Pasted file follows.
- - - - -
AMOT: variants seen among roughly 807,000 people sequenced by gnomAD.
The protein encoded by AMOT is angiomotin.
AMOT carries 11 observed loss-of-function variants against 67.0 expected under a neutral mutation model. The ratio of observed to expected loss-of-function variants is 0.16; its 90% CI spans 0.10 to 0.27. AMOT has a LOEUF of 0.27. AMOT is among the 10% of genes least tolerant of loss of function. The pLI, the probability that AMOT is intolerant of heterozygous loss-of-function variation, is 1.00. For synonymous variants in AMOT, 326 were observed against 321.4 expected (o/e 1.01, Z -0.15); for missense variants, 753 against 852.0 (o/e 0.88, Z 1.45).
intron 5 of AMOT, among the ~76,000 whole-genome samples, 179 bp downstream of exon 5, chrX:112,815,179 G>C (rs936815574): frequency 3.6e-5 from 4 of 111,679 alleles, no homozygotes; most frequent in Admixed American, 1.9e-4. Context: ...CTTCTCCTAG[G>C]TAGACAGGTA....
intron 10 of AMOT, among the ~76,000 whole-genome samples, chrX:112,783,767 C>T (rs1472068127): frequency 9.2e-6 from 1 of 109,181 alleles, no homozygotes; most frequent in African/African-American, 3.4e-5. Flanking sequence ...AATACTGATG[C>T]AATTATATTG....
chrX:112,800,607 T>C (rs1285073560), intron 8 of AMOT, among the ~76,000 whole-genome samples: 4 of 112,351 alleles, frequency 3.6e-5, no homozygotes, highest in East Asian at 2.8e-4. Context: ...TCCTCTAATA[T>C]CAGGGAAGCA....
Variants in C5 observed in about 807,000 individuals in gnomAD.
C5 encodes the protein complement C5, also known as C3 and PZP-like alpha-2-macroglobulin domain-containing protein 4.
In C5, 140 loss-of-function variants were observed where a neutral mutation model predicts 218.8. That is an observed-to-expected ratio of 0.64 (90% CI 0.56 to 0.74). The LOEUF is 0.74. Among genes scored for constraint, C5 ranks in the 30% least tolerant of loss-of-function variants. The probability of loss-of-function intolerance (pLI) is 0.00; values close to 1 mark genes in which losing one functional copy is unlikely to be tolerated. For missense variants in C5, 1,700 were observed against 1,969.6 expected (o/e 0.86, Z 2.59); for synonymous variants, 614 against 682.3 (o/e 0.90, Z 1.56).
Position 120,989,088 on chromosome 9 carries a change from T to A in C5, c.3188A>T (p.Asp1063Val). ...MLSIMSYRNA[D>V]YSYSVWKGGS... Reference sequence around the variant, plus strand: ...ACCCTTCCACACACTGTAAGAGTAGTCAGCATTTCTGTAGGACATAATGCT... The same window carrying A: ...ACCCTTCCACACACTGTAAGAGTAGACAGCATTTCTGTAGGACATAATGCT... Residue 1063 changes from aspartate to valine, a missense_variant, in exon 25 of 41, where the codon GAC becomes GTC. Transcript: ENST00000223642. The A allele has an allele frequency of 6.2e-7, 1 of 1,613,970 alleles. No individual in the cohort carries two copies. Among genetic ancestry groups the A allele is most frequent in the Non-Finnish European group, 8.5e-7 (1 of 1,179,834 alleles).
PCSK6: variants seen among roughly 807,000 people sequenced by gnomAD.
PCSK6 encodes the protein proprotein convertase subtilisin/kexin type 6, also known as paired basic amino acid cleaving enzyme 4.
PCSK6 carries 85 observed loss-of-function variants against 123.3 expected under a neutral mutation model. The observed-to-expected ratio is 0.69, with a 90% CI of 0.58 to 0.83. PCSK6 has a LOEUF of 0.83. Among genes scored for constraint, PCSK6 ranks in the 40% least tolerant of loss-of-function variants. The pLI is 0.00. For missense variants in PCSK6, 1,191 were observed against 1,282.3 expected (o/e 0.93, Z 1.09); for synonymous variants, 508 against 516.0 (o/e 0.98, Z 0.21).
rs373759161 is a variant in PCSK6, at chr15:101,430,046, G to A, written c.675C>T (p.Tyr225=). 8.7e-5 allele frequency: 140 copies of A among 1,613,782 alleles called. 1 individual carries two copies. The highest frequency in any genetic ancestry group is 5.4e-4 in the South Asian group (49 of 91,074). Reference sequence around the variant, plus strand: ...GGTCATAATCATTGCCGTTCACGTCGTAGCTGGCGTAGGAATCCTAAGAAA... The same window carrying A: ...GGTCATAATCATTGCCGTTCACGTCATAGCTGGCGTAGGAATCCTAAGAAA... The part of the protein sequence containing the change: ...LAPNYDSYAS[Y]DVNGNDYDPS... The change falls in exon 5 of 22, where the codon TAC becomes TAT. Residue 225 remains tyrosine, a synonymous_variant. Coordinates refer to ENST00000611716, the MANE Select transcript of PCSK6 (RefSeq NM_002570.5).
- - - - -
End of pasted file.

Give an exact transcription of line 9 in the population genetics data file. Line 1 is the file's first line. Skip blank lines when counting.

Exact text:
In C5, 140 loss-of-function variants were observed where a neutral mutation model predicts 218.8. That is an observed-to-expected ratio of 0.64 (90% CI 0.56 to 0.74). The LOEUF is 0.74. Among genes scored for constraint, C5 ranks in the 30% least tolerant of loss-of-function variants. The probability of loss-of-function intolerance (pLI) is 0.00; values close to 1 mark genes in which losing one functional copy is unlikely to be tolerated. For missense variants in C5, 1,700 were observed against 1,969.6 expected (o/e 0.86, Z 2.59); for synonymous variants, 614 against 682.3 (o/e 0.90, Z 1.56).